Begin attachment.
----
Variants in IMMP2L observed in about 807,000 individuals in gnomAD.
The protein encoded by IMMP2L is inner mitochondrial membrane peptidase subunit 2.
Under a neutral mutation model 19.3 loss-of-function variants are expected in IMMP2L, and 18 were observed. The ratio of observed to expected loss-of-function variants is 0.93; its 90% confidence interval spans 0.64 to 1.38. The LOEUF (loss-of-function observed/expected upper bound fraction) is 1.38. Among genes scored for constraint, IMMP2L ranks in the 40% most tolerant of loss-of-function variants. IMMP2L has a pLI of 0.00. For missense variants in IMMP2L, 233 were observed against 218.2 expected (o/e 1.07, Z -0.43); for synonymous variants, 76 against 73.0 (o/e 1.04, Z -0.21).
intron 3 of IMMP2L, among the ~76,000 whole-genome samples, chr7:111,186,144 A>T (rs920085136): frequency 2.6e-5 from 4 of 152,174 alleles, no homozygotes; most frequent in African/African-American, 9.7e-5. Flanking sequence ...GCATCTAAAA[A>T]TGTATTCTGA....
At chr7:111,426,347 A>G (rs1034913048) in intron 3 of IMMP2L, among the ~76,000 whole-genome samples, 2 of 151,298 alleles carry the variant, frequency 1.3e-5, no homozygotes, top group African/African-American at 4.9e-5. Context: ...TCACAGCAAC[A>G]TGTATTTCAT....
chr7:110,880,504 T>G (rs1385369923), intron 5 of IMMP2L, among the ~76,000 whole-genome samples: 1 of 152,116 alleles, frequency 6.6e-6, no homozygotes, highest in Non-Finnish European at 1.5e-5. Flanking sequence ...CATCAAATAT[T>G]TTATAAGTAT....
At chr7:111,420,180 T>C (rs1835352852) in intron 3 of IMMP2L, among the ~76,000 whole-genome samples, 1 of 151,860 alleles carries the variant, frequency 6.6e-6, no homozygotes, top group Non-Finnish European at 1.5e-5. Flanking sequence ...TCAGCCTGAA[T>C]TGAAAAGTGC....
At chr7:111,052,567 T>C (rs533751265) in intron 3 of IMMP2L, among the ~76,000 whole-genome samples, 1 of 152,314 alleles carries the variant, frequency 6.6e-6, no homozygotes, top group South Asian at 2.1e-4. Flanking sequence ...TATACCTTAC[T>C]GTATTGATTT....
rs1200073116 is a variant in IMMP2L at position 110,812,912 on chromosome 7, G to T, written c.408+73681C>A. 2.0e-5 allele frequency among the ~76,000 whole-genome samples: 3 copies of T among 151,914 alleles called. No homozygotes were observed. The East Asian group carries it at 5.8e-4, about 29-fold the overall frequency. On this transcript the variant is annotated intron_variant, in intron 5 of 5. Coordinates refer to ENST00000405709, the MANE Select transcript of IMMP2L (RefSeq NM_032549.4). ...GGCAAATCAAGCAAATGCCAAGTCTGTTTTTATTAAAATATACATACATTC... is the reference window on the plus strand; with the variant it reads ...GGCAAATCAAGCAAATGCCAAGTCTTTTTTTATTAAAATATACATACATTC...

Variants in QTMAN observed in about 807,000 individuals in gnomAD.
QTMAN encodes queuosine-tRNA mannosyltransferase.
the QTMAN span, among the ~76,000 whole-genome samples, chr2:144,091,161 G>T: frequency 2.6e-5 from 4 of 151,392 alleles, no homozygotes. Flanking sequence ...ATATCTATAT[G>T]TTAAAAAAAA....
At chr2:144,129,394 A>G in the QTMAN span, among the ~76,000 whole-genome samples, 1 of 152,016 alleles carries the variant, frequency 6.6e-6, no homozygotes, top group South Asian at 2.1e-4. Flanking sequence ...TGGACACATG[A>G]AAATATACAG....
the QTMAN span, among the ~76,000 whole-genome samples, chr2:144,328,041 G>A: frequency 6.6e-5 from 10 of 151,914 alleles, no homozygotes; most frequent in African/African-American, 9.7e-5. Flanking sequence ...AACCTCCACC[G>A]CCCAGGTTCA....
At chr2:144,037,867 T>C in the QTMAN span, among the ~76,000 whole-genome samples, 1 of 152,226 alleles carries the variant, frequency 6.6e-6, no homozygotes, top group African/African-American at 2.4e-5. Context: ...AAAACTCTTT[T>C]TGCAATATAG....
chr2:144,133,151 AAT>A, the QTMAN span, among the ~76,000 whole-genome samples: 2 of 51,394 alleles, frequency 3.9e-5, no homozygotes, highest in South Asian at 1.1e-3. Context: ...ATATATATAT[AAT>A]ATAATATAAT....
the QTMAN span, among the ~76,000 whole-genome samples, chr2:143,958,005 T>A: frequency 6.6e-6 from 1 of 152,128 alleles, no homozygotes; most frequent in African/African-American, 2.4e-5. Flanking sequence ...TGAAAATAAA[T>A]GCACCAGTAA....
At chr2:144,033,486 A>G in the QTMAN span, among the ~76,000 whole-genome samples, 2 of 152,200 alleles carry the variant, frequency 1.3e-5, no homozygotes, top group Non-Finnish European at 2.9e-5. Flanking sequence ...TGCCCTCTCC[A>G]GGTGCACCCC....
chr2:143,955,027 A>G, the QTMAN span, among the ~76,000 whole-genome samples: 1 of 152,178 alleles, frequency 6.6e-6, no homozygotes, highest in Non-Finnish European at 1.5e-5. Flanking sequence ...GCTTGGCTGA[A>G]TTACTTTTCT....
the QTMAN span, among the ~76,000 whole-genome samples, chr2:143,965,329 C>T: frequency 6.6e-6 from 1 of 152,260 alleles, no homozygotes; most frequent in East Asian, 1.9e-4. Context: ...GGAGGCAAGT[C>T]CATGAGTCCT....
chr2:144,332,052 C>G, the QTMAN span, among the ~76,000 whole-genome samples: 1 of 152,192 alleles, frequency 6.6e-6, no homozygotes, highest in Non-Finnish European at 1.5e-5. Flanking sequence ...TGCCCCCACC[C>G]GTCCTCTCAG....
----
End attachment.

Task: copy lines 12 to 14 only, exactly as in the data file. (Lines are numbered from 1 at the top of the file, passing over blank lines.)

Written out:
the QTMAN span, among the ~76,000 whole-genome samples, chr2:144,091,161 G>T: frequency 2.6e-5 from 4 of 151,392 alleles, no homozygotes. Flanking sequence ...ATATCTATAT[G>T]TTAAAAAAAA....
At chr2:144,129,394 A>G in the QTMAN span, among the ~76,000 whole-genome samples, 1 of 152,016 alleles carries the variant, frequency 6.6e-6, no homozygotes, top group South Asian at 2.1e-4. Flanking sequence ...TGGACACATG[A>G]AAATATACAG....
the QTMAN span, among the ~76,000 whole-genome samples, chr2:144,328,041 G>A: frequency 6.6e-5 from 10 of 151,914 alleles, no homozygotes; most frequent in African/African-American, 9.7e-5. Flanking sequence ...AACCTCCACC[G>A]CCCAGGTTCA....